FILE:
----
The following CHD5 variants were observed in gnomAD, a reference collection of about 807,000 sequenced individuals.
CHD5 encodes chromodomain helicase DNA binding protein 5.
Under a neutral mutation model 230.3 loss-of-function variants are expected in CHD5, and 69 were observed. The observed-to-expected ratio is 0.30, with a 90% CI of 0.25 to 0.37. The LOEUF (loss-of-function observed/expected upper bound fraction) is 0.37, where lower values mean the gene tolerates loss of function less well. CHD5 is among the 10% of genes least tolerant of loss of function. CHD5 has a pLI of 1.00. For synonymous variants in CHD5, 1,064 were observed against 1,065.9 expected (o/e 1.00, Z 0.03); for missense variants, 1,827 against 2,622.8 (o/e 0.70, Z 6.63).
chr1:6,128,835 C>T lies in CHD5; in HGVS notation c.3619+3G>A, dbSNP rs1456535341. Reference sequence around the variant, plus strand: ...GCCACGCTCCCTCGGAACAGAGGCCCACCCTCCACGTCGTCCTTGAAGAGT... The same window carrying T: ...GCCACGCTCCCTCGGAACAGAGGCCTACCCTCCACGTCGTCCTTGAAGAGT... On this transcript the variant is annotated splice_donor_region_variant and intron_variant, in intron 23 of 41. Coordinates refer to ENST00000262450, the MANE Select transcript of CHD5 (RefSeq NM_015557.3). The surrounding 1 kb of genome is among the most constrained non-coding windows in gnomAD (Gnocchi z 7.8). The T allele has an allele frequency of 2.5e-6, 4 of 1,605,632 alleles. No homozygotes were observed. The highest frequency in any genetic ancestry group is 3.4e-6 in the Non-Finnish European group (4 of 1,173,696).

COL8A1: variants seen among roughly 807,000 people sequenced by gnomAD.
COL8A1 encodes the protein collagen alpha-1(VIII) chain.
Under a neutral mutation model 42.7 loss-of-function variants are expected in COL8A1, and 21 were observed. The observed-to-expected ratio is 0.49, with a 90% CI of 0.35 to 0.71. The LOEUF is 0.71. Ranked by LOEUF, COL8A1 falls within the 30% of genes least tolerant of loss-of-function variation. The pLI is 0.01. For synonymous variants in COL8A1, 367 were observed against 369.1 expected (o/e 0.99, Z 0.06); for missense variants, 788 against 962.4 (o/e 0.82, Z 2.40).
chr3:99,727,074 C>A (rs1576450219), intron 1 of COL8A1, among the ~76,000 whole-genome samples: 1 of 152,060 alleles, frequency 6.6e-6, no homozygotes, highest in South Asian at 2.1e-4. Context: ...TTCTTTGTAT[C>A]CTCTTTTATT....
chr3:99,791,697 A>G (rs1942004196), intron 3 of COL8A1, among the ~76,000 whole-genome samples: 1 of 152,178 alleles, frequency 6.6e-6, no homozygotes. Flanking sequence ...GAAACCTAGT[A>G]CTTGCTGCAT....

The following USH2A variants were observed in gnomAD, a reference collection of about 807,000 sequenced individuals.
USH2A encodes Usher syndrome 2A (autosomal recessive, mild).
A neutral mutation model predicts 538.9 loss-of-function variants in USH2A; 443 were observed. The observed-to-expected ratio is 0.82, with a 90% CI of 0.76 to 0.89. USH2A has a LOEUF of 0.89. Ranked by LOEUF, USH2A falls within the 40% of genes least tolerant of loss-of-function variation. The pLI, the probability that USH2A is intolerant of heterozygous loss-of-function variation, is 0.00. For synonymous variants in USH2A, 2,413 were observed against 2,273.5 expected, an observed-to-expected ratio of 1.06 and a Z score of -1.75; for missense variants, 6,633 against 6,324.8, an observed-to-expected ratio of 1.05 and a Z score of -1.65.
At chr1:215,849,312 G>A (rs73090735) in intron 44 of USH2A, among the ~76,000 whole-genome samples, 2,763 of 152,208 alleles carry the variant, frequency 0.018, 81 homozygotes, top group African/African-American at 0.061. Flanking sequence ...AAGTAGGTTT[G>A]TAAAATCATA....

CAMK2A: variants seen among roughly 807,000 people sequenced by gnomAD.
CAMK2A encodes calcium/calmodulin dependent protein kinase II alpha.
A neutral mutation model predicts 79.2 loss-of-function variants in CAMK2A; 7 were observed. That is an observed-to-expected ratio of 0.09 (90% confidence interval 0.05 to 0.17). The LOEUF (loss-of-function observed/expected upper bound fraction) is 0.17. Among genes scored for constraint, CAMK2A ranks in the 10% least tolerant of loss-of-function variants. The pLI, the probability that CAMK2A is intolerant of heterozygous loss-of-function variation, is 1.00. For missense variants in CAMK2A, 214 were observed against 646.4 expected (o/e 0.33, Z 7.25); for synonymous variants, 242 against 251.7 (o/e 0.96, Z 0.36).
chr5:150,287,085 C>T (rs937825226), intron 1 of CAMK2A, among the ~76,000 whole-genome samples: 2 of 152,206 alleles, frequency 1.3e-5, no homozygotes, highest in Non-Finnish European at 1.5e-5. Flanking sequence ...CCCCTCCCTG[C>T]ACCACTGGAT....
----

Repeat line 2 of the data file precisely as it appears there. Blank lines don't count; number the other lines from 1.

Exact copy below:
CHD5 encodes chromodomain helicase DNA binding protein 5.